Enoch Gilmer



To Dr. J. F. E. Hardy, [Excerpt]

….Chronicle proposed to send Enoch Gilmer as one; it was objected to because he was not acquainted with the country. Chronicle said that he could
find out anything better than those acquainted, for he could act any character that he pleased; that he could cry and laugh in the same breath, and those best acquainted would believe that he was in earnest in both; that he could act the fool so that those best acquainted with him Would believe him to be deranged; that he was a shrewd, cunning fellow, and a stranger to fear. Hence he was [sent] among others. He went to a Tory’s house on Ferguson’s trail and stated to him that he had been waiting on Ferguson’s way from Twitty’s Ford to Ninety-Six, but missed finding him; that he wished to join the army. The Tory replied, that after Ferguson had crossed the river at Twitty’s Ford, he had received an express from Lord Cornwallis for him to join the main army at Charlotte; that he had called in Tarleton, and would call in his out-posts, and give Gates another defeat, and reduce North Carolina to British rule as he had South Carolina and Georgia, and would enter Virginia with a larger army than ever had been in America. Gilmer gave this account to the officers. This was some time in the day.

They then commenced marching to the Cherokee Ford on Broad River. Night came on, and our pilots missed their way, the night being dark and occasionally raining, so that when we came near to the river it was near daylight; and when we came to the river hills it was agreed that we would send Enoch Gilmer to see whether Ferguson had not been apprised of us and would attack us in the river. Orders were given to keep our guns dry, for it was raining. Gilmer was gone for some time, when his voice was heard in the hollow singing Barney-Linn, a favorite black-guard song. This was notice that all was right.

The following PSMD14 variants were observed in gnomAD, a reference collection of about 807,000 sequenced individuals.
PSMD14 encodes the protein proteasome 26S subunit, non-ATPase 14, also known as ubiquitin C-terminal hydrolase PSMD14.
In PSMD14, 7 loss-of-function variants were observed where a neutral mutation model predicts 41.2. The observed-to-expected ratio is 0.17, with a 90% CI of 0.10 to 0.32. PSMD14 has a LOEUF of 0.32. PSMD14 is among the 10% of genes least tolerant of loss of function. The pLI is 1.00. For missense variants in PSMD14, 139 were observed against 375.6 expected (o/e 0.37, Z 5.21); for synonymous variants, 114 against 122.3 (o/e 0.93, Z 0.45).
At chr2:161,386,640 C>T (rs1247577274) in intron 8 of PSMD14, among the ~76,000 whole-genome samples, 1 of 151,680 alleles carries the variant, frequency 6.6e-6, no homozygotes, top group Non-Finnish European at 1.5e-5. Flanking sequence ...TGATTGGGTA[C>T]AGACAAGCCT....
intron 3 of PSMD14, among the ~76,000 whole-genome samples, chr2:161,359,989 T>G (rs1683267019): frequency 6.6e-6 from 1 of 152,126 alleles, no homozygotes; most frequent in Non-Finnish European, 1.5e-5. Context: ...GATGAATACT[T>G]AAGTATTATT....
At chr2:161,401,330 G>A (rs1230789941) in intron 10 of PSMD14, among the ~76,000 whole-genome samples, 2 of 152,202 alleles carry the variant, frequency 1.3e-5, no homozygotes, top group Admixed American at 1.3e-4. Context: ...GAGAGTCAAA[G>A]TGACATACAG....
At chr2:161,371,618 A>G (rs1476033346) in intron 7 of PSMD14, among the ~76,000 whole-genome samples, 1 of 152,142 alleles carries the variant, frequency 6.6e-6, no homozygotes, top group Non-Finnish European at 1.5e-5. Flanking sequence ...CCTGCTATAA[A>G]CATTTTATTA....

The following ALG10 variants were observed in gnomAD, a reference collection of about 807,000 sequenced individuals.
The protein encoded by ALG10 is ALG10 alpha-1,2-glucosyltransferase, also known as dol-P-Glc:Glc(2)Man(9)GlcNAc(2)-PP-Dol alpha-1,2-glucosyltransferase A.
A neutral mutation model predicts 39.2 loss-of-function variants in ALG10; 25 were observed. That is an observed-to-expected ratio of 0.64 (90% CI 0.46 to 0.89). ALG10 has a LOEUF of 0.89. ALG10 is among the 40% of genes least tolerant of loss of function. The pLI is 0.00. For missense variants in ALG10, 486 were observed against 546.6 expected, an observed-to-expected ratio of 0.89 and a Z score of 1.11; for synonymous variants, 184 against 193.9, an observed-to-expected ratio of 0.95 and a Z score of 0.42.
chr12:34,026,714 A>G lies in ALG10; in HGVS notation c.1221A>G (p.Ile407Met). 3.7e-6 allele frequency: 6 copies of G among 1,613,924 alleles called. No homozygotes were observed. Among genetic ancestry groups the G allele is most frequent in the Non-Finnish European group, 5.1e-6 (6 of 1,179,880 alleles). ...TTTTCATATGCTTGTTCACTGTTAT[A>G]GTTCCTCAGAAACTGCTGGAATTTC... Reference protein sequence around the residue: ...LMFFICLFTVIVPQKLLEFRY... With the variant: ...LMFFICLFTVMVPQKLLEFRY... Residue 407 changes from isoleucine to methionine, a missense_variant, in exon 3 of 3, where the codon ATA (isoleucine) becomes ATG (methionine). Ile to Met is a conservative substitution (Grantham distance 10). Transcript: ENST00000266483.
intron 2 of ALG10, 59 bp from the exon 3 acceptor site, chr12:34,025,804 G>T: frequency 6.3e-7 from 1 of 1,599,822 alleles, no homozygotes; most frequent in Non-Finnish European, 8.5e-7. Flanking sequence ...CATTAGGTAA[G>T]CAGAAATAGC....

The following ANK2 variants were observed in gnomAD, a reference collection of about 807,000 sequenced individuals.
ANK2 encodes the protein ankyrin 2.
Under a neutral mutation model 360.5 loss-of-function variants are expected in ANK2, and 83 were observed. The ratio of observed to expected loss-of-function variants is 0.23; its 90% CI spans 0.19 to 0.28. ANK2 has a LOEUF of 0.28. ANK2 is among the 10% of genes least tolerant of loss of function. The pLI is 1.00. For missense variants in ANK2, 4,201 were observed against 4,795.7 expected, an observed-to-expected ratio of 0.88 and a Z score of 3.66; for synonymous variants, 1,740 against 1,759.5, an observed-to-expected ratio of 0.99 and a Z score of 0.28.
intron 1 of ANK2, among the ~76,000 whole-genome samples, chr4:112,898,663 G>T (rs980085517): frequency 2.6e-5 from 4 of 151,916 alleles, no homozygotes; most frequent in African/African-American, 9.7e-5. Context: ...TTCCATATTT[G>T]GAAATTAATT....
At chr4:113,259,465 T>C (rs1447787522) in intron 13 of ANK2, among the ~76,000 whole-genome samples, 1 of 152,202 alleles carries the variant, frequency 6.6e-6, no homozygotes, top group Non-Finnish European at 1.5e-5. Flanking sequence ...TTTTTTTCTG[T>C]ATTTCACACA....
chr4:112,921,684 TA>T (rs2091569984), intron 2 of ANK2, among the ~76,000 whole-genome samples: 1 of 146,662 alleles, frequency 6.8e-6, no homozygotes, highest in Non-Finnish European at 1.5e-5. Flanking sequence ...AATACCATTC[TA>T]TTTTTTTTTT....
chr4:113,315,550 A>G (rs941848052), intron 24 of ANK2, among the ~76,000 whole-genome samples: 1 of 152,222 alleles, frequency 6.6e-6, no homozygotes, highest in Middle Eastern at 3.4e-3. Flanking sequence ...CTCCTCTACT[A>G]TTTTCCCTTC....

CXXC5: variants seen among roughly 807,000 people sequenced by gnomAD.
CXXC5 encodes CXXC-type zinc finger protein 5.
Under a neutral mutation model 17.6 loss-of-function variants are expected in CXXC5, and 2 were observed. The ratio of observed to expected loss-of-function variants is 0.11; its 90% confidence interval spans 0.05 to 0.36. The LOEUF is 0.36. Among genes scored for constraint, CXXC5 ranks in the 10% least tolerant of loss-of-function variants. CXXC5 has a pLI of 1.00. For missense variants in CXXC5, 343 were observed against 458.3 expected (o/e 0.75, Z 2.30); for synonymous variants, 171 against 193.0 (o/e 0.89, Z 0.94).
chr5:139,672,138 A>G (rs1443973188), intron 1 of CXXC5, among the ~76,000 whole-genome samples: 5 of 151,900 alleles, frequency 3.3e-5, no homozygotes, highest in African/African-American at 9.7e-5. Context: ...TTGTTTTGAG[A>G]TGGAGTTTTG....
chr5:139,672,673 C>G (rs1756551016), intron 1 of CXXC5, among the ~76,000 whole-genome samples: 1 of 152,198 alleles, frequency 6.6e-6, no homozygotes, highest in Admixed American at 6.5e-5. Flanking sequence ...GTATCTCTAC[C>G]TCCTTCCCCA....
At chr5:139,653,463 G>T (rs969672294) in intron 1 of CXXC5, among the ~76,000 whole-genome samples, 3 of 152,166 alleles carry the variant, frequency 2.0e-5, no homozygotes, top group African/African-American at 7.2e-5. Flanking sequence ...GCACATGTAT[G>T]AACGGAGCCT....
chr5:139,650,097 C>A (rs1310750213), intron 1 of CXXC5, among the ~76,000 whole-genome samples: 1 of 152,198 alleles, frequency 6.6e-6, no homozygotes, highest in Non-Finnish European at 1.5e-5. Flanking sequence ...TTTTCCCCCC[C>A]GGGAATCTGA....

Orders were given that the largest horses should be on the upper side. The order was not obeyed. The river was deep, but it was remarked that not one was ducked. After passing the river, it was agreed that Enoch Gilmer should go ahead, and make all the discoveries about Ferguson that he could. He went off in a gallop. The officers kept in front of the privates at a very slow gait— the men cursing and stating if we were to have a battle, to let it be over, &c.

All were very hungry, and when we would come to a cornfield, it was soon pulled. The soldiers would cut part of the raw corn off the cobb, and haul the remainder to their horses. After travelling some miles, the officers
saw Gilmer’s horse at a gate about three-quarters of a mile ahead. They gave whip to their horses, and went at full speed to the gate — alighted, and went into the house. Gilmer was sitting at a table eating. Campbell exclaimed, “We have got you — you d-d rascal.”

Gilmer replied, ” a true King’s man by G d.” Campbell in order to try Gilmer’s metamorphosis, had provided himself with a rope, with a running noose on it, threw it over Gilmer’s neck. Gilmer commenced crying and begging. Campbell swore that they would hang him on the bow of the gate— when Chronicle stated that it was wrong to hang him there, for his ghost would haunt the women, who were now in tears. Campbell observed that was right, that we will hang him on the first stooping limb of a tree that they should pass on the road — then sending Gilmer along one or two hundred yards, Gilmer crying and begging for his life, the rope was taken from his neck, and he mounted his horse, and was asked what news he had obtained. He stated as follows: —

That when he came to the Tory’s house, he professed to be a true King’s man, that he was wishing to join Col. Ferguson, and desired to know where he was, and that he had kissed the two Tory women; that the youngest of the two informed him, that she had been in Ferguson’s camp that morning; that the camp was about three miles distant from that place; that she had carried him some chickens; that he was camped on a ridge between two branches where some deer hunters had a camp the last Fall. Major Chronicle and Capt. Mattocks stated that the camp referred to was their camp, and that they well knew the ground Ferguson was camped on. …

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